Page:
By Gary Bogue
Tuesday, January 23rd, 2007 at 12:04 pm in fox squirrel.
Mountain View residents and city officials are all in a dither about how to deal with aggressive fox squirrels.
Since the middle of last year, some visitors at the city’s Cuesta Park have supposedly been “attacked” and scratched or bitten by squirrels trying to get food. I’ve put “attacked” in quotes because “attacked” is a matter of interpretation when it comes to small rodents trying to get food that you may be holding.
When people go to a city park and start feeding squirrels, it doesn’t take long for the squirrels to start thinking that when they see anyone holding food, it must be for them. If anyone, especially small children, tries to keep food from the squirrels (cookies, candy, etc.), the squirrels may try to take it.
People can get scratched or occasionally nipped if this happens. They’re not necessarily being attacked. They just got in the way.
Initially, according to the newspaper stories, radio program transcripts and blogs I’ve read, the city planned to trap and kill the aggressive squirrels. But when the smoke had cleared, hundreds of Mountain View residents had signed petitions demanding that the city forget that plan.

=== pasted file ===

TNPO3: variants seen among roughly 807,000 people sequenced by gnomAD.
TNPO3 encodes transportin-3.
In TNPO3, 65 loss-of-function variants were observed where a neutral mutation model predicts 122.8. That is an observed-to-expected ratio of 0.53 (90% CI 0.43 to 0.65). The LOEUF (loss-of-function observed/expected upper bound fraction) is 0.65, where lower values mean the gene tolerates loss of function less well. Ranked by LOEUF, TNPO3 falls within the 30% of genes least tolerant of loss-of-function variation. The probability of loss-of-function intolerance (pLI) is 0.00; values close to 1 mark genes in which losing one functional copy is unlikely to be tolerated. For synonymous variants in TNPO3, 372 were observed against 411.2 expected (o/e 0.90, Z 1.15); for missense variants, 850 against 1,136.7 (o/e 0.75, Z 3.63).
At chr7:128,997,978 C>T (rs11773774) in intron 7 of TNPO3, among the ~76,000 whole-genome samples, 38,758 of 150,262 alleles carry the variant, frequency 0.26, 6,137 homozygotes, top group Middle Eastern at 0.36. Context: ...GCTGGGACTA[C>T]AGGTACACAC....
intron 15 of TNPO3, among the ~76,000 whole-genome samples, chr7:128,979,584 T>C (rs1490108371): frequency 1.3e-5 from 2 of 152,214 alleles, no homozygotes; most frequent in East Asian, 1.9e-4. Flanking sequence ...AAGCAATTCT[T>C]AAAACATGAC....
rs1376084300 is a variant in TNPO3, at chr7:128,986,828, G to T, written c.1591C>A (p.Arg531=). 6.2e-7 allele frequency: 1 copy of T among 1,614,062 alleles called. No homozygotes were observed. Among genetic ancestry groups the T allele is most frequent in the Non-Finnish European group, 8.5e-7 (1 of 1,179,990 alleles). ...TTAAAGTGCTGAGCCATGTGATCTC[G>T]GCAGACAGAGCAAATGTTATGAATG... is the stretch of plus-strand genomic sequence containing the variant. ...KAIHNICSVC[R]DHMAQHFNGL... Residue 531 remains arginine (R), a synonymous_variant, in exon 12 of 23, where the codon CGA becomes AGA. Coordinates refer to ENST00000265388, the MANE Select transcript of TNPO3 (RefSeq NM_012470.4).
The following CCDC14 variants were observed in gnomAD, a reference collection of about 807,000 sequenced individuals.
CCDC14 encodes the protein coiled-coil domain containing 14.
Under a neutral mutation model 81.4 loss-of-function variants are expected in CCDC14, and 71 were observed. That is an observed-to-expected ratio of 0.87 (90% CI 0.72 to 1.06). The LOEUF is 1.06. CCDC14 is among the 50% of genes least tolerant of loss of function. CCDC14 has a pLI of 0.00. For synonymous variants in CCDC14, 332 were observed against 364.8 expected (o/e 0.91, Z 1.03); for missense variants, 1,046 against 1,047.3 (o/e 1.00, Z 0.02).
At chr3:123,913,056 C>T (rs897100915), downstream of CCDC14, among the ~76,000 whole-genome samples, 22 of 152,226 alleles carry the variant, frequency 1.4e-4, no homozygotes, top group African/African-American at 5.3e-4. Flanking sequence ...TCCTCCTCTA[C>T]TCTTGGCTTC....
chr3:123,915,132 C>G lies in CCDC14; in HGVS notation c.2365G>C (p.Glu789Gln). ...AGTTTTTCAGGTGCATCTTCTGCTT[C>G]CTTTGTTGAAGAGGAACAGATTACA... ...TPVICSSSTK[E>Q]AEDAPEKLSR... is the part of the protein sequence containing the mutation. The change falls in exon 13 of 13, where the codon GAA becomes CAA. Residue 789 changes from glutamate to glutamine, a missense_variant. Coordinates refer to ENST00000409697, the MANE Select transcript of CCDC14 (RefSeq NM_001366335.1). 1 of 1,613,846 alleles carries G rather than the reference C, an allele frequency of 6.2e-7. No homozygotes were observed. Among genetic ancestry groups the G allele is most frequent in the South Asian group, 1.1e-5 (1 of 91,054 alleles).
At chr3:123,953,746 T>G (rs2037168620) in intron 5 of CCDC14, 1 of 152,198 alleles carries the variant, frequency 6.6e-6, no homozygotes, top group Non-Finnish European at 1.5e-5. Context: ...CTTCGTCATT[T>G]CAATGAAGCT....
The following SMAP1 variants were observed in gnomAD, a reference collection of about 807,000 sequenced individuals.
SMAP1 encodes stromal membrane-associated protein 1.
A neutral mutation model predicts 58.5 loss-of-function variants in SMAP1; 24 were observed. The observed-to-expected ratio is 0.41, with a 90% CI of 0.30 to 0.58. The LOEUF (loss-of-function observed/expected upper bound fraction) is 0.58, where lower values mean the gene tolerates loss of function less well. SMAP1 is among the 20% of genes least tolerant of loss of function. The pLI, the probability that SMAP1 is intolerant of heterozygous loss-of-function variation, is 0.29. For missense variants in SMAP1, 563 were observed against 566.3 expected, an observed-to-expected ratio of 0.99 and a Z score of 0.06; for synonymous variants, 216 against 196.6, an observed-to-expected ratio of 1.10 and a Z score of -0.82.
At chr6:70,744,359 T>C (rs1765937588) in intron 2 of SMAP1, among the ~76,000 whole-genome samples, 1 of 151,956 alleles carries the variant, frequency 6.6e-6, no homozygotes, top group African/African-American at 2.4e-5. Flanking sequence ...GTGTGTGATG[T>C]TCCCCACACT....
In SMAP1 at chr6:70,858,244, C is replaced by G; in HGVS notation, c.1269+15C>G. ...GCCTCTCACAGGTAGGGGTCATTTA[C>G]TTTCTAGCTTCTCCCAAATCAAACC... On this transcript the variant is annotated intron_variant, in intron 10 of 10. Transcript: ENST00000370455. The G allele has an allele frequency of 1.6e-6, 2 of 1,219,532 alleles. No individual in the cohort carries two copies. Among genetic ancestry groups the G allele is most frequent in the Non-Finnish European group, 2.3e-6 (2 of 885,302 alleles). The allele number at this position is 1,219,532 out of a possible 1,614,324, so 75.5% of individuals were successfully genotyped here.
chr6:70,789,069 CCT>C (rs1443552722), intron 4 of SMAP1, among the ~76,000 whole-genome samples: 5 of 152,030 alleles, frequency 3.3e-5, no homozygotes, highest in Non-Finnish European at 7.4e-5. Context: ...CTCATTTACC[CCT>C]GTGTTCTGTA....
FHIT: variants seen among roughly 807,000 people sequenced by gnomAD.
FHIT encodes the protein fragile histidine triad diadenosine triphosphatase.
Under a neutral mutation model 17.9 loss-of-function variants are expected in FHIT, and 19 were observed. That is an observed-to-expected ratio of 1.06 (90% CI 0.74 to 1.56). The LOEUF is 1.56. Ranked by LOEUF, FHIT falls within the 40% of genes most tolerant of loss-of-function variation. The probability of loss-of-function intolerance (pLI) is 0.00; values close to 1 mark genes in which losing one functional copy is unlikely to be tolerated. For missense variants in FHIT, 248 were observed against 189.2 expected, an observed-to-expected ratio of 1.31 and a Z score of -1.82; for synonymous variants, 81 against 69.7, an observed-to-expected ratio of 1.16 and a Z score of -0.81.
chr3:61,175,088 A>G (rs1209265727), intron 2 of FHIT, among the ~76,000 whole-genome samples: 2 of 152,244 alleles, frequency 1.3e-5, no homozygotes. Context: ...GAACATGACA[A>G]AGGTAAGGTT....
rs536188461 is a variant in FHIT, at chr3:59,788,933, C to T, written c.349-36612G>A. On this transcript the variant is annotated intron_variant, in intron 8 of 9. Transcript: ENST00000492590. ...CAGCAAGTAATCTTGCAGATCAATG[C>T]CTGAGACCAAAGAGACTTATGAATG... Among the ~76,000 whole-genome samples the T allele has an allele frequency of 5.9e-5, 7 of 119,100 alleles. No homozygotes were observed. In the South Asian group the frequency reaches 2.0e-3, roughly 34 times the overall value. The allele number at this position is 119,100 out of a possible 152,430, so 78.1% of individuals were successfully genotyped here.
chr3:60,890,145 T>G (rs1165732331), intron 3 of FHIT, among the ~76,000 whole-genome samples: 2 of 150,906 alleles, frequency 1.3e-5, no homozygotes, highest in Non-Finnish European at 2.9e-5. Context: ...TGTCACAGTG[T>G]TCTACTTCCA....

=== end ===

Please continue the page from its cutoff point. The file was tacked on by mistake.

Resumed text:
As of Monday, as near as I can find out, the city still hadn’t made any official plans to kill the squirrels and was looking for a long-term and less violent way to deal with them. Meanwhile they’re asking people to stop feeding the squirrels.
Good solution: Stop feeding squirrels. Keep the garbage cans emptied. Be patient. Things gradually return to normal as squirrels revert to natural food.
Bad solution: Killing the squirrels. First of all, it’s not fair. They’ve just been doing what humans have taught them to do (take food from hands). Second, if you kill off those few resident squirrels who have been keeping other squirrels from moving in on their turf, the park is going to gradually be filled when lots more transient squirrels move in to take their place.
Will they be more aggressive than the present squirrel population? Maybe. Maybe not. Is it really worth having to find all that out by starting all over with a brand new squirrel population? Fox squirrels live in the Bay Area and they’re not going to go away.
Killing is a short-term solution and usually not a good one.
The city of Mountain View needs to come up with a long-term solution to this problem that works for everyone — squirrel lovers who don’t want the squirrels killed, people who don’t like being scratched or bitten, and of course, the squirrels.
(The above information is also being published in my daily newspaper column on Jan. 24.)